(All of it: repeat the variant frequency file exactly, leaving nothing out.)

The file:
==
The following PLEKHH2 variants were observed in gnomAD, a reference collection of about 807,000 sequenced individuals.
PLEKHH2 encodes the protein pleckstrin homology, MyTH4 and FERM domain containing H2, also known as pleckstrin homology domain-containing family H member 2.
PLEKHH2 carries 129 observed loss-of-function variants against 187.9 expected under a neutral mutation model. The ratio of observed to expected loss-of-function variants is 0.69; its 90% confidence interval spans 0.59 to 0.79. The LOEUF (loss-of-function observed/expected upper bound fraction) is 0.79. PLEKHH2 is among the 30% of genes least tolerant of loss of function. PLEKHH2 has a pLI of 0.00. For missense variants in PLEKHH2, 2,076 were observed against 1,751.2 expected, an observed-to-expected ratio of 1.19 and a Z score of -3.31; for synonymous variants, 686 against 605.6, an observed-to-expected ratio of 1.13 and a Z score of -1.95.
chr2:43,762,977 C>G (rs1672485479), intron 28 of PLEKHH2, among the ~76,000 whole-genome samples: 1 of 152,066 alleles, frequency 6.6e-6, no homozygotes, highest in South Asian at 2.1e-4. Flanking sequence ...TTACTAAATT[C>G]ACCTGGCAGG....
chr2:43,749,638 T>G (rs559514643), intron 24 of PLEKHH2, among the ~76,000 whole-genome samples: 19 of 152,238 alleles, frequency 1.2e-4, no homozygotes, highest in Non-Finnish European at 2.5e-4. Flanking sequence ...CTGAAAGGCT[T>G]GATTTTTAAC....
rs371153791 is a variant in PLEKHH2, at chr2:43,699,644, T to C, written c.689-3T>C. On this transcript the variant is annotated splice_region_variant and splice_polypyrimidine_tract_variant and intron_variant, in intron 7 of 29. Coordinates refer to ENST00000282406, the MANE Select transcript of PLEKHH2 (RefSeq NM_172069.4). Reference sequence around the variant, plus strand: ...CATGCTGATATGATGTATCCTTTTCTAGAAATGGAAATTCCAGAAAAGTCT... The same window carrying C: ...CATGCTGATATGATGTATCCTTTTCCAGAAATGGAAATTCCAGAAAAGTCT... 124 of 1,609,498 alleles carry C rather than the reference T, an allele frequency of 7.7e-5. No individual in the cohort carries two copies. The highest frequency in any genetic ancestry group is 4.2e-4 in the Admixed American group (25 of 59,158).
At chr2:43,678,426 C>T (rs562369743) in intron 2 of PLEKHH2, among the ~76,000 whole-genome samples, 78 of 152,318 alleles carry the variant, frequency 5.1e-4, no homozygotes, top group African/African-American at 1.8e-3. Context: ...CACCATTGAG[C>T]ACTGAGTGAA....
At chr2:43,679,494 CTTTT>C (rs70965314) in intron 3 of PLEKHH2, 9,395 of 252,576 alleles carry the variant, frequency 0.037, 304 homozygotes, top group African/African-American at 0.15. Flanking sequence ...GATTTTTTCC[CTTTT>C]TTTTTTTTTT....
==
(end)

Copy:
The following PLEKHH2 variants were observed in gnomAD, a reference collection of about 807,000 sequenced individuals.
PLEKHH2 encodes the protein pleckstrin homology, MyTH4 and FERM domain containing H2, also known as pleckstrin homology domain-containing family H member 2.
PLEKHH2 carries 129 observed loss-of-function variants against 187.9 expected under a neutral mutation model. The ratio of observed to expected loss-of-function variants is 0.69; its 90% confidence interval spans 0.59 to 0.79. The LOEUF (loss-of-function observed/expected upper bound fraction) is 0.79. PLEKHH2 is among the 30% of genes least tolerant of loss of function. PLEKHH2 has a pLI of 0.00. For missense variants in PLEKHH2, 2,076 were observed against 1,751.2 expected, an observed-to-expected ratio of 1.19 and a Z score of -3.31; for synonymous variants, 686 against 605.6, an observed-to-expected ratio of 1.13 and a Z score of -1.95.
chr2:43,762,977 C>G (rs1672485479), intron 28 of PLEKHH2, among the ~76,000 whole-genome samples: 1 of 152,066 alleles, frequency 6.6e-6, no homozygotes, highest in South Asian at 2.1e-4. Flanking sequence ...TTACTAAATT[C>G]ACCTGGCAGG....
chr2:43,749,638 T>G (rs559514643), intron 24 of PLEKHH2, among the ~76,000 whole-genome samples: 19 of 152,238 alleles, frequency 1.2e-4, no homozygotes, highest in Non-Finnish European at 2.5e-4. Flanking sequence ...CTGAAAGGCT[T>G]GATTTTTAAC....
rs371153791 is a variant in PLEKHH2, at chr2:43,699,644, T to C, written c.689-3T>C. On this transcript the variant is annotated splice_region_variant and splice_polypyrimidine_tract_variant and intron_variant, in intron 7 of 29. Coordinates refer to ENST00000282406, the MANE Select transcript of PLEKHH2 (RefSeq NM_172069.4). Reference sequence around the variant, plus strand: ...CATGCTGATATGATGTATCCTTTTCTAGAAATGGAAATTCCAGAAAAGTCT... The same window carrying C: ...CATGCTGATATGATGTATCCTTTTCCAGAAATGGAAATTCCAGAAAAGTCT... 124 of 1,609,498 alleles carry C rather than the reference T, an allele frequency of 7.7e-5. No individual in the cohort carries two copies. The highest frequency in any genetic ancestry group is 4.2e-4 in the Admixed American group (25 of 59,158).
At chr2:43,678,426 C>T (rs562369743) in intron 2 of PLEKHH2, among the ~76,000 whole-genome samples, 78 of 152,318 alleles carry the variant, frequency 5.1e-4, no homozygotes, top group African/African-American at 1.8e-3. Context: ...CACCATTGAG[C>T]ACTGAGTGAA....
At chr2:43,679,494 CTTTT>C (rs70965314) in intron 3 of PLEKHH2, 9,395 of 252,576 alleles carry the variant, frequency 0.037, 304 homozygotes, top group African/African-American at 0.15. Flanking sequence ...GATTTTTTCC[CTTTT>C]TTTTTTTTTT....